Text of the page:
Elderberries are an important part of how I keep my family healthy all winter long. Elderberry oxymel, syrup, jelly, vinegar, mead…the list goes on. They’re easy to pick off the bushes in large clusters, and yields can be heavy in an established home patch or in your favorite backwoods foraging spot.
The trick is, once you’ve picked them, how do you process them into tasty food and medicine?
The first time I found wild elderberries, I searched high and low for a way to process and use them raw. I wanted to get the tasty juice, but I also wanted to keep the seeds for planting.
It turns out, you really can’t have it both ways with elderberries. I wasn’t even deterred when I learned that elderberry juice is toxic when consumed raw.
Those tiny little berries just don’t want to let go of their juice. In truth, they’re mostly seed by volume, and those seeds clogged up everything. I nearly broke my food mill after just a few minutes.
I’ve relented. Each year now, I save aside a bit of the berries for planting. Either left out for the birds to eat and spread or scarified in a blender and then scattered directly.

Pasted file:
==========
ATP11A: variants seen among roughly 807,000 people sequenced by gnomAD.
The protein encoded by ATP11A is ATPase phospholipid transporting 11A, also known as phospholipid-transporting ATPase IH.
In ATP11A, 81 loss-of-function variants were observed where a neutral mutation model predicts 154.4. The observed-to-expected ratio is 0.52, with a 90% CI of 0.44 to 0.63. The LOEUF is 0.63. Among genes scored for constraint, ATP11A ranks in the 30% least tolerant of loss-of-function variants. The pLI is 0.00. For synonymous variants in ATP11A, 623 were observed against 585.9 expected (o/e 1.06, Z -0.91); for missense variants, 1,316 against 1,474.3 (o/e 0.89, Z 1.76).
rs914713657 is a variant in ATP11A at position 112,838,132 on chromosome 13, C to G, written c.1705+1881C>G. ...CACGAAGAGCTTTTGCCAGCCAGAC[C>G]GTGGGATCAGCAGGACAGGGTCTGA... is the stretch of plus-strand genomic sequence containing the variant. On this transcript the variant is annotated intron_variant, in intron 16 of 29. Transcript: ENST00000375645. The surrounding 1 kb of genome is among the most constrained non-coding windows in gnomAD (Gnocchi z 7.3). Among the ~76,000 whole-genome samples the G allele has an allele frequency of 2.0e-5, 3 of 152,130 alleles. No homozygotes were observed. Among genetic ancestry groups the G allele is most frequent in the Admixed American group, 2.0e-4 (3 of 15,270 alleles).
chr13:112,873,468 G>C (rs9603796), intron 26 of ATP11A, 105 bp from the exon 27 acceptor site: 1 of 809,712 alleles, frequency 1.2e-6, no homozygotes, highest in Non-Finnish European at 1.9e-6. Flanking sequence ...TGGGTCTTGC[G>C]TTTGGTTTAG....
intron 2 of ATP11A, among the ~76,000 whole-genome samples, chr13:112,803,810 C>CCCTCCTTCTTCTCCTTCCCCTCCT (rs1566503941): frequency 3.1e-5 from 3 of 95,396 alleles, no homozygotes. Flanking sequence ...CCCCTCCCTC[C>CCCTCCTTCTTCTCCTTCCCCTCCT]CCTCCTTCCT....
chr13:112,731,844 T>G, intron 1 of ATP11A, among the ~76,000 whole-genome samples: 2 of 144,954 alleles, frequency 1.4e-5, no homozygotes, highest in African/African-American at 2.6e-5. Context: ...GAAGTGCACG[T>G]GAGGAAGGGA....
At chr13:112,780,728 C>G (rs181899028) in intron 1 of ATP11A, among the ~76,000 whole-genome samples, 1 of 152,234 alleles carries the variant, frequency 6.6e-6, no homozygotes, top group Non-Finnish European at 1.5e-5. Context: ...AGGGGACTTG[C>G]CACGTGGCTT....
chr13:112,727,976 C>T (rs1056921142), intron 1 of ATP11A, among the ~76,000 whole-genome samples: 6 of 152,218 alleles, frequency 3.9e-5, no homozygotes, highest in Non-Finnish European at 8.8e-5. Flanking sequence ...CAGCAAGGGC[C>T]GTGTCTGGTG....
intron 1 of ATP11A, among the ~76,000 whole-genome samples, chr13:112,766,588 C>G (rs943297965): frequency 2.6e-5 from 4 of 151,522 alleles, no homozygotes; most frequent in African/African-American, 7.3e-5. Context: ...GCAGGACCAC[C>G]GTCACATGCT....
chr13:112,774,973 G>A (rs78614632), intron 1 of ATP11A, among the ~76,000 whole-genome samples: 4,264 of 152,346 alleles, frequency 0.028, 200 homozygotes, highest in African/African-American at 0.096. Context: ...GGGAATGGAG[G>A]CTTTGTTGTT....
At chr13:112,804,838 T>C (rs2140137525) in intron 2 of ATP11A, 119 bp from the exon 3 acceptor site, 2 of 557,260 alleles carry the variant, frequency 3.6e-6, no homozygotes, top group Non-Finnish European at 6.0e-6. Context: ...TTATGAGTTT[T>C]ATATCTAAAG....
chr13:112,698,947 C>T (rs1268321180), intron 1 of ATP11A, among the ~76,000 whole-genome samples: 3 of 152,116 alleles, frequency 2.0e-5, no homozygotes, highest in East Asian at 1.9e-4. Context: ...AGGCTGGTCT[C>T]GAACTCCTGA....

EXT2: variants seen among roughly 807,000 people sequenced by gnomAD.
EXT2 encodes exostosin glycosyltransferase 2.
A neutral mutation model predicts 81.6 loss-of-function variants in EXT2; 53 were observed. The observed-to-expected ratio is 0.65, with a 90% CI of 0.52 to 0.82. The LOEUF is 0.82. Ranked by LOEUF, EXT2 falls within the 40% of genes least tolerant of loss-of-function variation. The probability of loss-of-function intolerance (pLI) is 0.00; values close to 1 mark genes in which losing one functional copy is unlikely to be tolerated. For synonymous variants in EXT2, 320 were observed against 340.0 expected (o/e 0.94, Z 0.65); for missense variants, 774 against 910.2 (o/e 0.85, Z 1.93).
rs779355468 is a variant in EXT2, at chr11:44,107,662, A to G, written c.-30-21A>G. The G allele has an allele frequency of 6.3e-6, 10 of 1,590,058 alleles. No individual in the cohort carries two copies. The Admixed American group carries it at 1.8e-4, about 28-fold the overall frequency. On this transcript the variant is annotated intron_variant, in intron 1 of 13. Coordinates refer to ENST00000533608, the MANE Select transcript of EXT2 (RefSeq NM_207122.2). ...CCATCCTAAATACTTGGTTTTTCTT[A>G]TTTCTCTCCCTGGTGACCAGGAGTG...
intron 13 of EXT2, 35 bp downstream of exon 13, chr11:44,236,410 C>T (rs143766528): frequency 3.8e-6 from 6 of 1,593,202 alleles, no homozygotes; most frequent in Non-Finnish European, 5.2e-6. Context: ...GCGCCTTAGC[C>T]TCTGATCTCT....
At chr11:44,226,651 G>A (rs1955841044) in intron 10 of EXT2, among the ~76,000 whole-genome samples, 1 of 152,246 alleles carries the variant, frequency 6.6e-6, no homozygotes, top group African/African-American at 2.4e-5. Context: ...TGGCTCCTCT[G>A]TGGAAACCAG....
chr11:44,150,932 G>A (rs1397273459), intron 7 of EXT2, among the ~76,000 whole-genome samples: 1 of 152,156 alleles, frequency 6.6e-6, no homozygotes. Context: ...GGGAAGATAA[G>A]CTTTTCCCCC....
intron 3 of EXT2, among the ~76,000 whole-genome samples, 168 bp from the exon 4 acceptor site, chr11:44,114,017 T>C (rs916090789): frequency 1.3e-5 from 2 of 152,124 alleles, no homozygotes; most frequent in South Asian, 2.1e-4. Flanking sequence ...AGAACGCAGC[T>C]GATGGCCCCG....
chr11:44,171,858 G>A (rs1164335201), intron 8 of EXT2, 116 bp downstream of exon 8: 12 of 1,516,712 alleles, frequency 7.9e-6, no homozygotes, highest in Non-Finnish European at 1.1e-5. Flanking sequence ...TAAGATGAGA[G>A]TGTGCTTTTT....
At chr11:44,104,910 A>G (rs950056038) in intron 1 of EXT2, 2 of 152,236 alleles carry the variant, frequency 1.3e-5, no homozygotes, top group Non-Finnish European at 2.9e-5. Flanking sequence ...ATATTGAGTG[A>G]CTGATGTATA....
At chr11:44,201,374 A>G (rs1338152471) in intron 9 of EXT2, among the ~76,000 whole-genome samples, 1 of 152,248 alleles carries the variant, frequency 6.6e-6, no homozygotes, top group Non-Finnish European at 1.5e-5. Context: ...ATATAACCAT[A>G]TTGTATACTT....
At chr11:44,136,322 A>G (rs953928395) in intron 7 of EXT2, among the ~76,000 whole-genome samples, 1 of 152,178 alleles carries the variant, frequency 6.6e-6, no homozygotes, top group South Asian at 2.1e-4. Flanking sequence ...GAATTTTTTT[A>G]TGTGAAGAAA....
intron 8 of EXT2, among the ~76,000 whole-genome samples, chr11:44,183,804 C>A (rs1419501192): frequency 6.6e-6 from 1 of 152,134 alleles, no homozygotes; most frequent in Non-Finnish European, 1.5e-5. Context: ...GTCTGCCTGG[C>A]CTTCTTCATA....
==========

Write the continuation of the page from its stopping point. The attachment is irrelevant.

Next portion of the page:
Elderberry seeds need to be “scarified” before planting, meaning they have to be beaten up a bit. This keeps them from dropping directly under the mother plant and competing. Passing through a bird’s digestive system enables them to germinate, and a food processor helps to simulate that effect by nicking the seeds to stimulate germination.
The rest of the berries go right into the pot for cooking. I’ve never had a problem quickly stripping them off the stems with my hands, but I’ve heard that it’s much easier to remove them if you freeze the berry clusters first. Either way, strip them off into a pot, add about half an inch of water and bring it to a quick boil.
Stir the berries vigorously, lid them up and allow them to simmer in there for 5 to 10 minutes. Strain through a fine-mesh strainer. Quick and easy elderberry juice for all your homemade medicine!